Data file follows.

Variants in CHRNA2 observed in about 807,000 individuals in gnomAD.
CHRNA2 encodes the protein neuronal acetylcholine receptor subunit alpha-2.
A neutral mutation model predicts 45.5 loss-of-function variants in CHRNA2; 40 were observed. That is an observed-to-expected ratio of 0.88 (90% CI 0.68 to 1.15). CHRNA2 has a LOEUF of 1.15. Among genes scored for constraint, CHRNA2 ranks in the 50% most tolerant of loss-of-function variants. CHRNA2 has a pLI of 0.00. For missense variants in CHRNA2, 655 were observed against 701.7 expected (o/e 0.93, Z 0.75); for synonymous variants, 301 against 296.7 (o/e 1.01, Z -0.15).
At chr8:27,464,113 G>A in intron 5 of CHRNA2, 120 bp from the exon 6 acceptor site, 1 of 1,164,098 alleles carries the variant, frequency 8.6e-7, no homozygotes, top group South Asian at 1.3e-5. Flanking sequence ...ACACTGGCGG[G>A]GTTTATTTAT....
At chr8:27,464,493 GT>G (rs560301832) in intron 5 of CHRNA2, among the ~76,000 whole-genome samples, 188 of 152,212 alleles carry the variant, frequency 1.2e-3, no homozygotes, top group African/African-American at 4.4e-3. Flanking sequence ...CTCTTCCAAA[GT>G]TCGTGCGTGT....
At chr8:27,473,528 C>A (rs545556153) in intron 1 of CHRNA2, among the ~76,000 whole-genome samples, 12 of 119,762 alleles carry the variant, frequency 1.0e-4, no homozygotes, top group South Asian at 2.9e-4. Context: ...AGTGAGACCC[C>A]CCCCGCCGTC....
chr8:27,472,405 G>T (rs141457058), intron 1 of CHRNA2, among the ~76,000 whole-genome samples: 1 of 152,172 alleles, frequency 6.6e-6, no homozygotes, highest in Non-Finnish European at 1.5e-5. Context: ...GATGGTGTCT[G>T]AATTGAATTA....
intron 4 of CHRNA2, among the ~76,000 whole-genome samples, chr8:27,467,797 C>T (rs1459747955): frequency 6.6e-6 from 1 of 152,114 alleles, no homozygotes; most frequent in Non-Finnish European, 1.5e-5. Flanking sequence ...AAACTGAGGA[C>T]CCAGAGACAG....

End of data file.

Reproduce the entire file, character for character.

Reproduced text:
Variants in CHRNA2 observed in about 807,000 individuals in gnomAD.
CHRNA2 encodes the protein neuronal acetylcholine receptor subunit alpha-2.
A neutral mutation model predicts 45.5 loss-of-function variants in CHRNA2; 40 were observed. That is an observed-to-expected ratio of 0.88 (90% CI 0.68 to 1.15). CHRNA2 has a LOEUF of 1.15. Among genes scored for constraint, CHRNA2 ranks in the 50% most tolerant of loss-of-function variants. CHRNA2 has a pLI of 0.00. For missense variants in CHRNA2, 655 were observed against 701.7 expected (o/e 0.93, Z 0.75); for synonymous variants, 301 against 296.7 (o/e 1.01, Z -0.15).
At chr8:27,464,113 G>A in intron 5 of CHRNA2, 120 bp from the exon 6 acceptor site, 1 of 1,164,098 alleles carries the variant, frequency 8.6e-7, no homozygotes, top group South Asian at 1.3e-5. Flanking sequence ...ACACTGGCGG[G>A]GTTTATTTAT....
At chr8:27,464,493 GT>G (rs560301832) in intron 5 of CHRNA2, among the ~76,000 whole-genome samples, 188 of 152,212 alleles carry the variant, frequency 1.2e-3, no homozygotes, top group African/African-American at 4.4e-3. Flanking sequence ...CTCTTCCAAA[GT>G]TCGTGCGTGT....
At chr8:27,473,528 C>A (rs545556153) in intron 1 of CHRNA2, among the ~76,000 whole-genome samples, 12 of 119,762 alleles carry the variant, frequency 1.0e-4, no homozygotes, top group South Asian at 2.9e-4. Context: ...AGTGAGACCC[C>A]CCCCGCCGTC....
chr8:27,472,405 G>T (rs141457058), intron 1 of CHRNA2, among the ~76,000 whole-genome samples: 1 of 152,172 alleles, frequency 6.6e-6, no homozygotes, highest in Non-Finnish European at 1.5e-5. Context: ...GATGGTGTCT[G>T]AATTGAATTA....
intron 4 of CHRNA2, among the ~76,000 whole-genome samples, chr8:27,467,797 C>T (rs1459747955): frequency 6.6e-6 from 1 of 152,114 alleles, no homozygotes; most frequent in Non-Finnish European, 1.5e-5. Flanking sequence ...AAACTGAGGA[C>T]CCAGAGACAG....